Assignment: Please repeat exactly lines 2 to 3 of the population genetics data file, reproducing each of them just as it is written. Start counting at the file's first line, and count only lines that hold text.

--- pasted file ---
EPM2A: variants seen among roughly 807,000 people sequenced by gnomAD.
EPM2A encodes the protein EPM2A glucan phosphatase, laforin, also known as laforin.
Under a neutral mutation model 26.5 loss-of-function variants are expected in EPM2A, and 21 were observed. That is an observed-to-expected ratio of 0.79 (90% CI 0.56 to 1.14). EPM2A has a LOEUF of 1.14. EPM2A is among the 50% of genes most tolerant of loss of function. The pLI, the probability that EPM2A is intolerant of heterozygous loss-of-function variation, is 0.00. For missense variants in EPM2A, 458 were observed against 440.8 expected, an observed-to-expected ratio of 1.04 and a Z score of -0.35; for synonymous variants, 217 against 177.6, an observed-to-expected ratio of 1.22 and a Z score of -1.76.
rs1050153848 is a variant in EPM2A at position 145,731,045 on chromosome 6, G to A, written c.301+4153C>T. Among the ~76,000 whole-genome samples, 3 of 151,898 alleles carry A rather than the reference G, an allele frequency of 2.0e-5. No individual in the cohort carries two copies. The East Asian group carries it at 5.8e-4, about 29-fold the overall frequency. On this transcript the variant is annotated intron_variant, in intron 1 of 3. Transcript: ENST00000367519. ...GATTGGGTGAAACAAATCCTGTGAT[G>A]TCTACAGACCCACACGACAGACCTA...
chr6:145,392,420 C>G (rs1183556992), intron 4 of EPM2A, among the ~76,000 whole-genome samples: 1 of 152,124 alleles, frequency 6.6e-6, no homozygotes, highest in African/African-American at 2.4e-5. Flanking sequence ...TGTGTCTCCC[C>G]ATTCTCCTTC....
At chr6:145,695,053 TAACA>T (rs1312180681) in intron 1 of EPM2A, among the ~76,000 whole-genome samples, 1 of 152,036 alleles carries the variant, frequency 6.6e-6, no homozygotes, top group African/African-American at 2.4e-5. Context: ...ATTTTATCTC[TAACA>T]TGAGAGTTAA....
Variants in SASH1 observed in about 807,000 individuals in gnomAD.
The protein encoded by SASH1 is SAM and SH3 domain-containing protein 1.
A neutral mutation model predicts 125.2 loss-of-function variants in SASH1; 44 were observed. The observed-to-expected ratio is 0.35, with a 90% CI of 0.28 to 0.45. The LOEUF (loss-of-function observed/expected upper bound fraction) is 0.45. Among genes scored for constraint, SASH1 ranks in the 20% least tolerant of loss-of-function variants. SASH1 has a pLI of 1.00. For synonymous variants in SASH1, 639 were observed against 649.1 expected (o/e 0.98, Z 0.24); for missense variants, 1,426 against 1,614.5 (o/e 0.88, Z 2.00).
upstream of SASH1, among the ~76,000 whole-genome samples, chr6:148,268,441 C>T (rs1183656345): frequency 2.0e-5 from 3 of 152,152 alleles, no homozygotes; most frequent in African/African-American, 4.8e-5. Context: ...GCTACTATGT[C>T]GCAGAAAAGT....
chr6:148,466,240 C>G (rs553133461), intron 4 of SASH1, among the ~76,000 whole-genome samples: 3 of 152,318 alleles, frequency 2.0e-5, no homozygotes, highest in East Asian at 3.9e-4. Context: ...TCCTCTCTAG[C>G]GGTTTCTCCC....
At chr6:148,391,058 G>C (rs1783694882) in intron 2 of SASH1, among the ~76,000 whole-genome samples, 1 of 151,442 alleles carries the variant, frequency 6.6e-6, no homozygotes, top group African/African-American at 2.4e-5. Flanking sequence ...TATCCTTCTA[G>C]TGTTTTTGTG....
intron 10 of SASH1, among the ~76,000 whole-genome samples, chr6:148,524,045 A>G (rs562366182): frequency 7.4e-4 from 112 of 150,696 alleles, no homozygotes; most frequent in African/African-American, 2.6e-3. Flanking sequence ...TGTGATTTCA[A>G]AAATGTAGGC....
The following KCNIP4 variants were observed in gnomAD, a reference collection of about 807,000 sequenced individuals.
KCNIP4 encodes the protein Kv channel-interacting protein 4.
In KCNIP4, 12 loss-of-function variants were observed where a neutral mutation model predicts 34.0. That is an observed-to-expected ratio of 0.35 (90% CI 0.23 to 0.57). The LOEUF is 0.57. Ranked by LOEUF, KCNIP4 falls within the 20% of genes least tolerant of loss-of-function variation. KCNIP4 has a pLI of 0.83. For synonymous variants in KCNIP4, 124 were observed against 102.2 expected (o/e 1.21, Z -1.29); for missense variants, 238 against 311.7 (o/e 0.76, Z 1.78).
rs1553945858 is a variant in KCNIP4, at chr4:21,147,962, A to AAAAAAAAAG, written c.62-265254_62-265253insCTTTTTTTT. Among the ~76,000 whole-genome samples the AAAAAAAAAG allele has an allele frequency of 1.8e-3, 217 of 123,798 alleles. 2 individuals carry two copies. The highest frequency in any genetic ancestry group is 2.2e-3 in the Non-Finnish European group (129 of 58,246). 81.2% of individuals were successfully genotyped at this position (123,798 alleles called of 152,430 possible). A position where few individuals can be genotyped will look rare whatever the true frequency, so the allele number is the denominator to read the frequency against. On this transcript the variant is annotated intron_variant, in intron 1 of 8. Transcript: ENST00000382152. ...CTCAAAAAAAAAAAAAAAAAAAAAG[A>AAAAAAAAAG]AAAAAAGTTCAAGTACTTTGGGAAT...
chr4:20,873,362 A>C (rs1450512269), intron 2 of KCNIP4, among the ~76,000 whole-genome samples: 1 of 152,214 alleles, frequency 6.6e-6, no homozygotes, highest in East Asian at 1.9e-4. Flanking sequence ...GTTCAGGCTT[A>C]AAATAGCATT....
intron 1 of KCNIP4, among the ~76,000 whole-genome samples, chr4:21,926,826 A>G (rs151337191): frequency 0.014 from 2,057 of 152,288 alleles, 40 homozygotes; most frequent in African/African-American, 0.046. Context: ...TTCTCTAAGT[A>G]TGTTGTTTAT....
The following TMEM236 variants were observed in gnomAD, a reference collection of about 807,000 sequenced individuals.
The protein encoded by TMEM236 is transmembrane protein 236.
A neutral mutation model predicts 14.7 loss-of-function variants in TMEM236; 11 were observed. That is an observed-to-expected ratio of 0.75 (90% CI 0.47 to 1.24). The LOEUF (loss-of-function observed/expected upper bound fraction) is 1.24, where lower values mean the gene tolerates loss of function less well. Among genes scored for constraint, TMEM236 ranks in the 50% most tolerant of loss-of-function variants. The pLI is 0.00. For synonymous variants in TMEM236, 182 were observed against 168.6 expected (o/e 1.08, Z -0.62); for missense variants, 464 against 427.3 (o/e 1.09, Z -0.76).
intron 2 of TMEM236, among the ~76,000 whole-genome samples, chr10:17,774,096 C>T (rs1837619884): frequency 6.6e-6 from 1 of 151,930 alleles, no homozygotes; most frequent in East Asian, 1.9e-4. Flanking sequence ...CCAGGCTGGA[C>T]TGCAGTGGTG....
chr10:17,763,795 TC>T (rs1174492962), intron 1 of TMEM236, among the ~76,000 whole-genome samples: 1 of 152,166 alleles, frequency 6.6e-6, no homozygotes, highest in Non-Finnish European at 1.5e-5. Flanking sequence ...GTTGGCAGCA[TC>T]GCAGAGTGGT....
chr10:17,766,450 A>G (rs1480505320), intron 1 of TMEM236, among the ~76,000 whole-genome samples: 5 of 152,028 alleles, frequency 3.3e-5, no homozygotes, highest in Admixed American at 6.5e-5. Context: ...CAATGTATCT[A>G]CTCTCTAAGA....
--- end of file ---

EPM2A encodes the protein EPM2A glucan phosphatase, laforin, also known as laforin.
Under a neutral mutation model 26.5 loss-of-function variants are expected in EPM2A, and 21 were observed. That is an observed-to-expected ratio of 0.79 (90% CI 0.56 to 1.14). EPM2A has a LOEUF of 1.14. EPM2A is among the 50% of genes most tolerant of loss of function. The pLI, the probability that EPM2A is intolerant of heterozygous loss-of-function variation, is 0.00. For missense variants in EPM2A, 458 were observed against 440.8 expected, an observed-to-expected ratio of 1.04 and a Z score of -0.35; for synonymous variants, 217 against 177.6, an observed-to-expected ratio of 1.22 and a Z score of -1.76.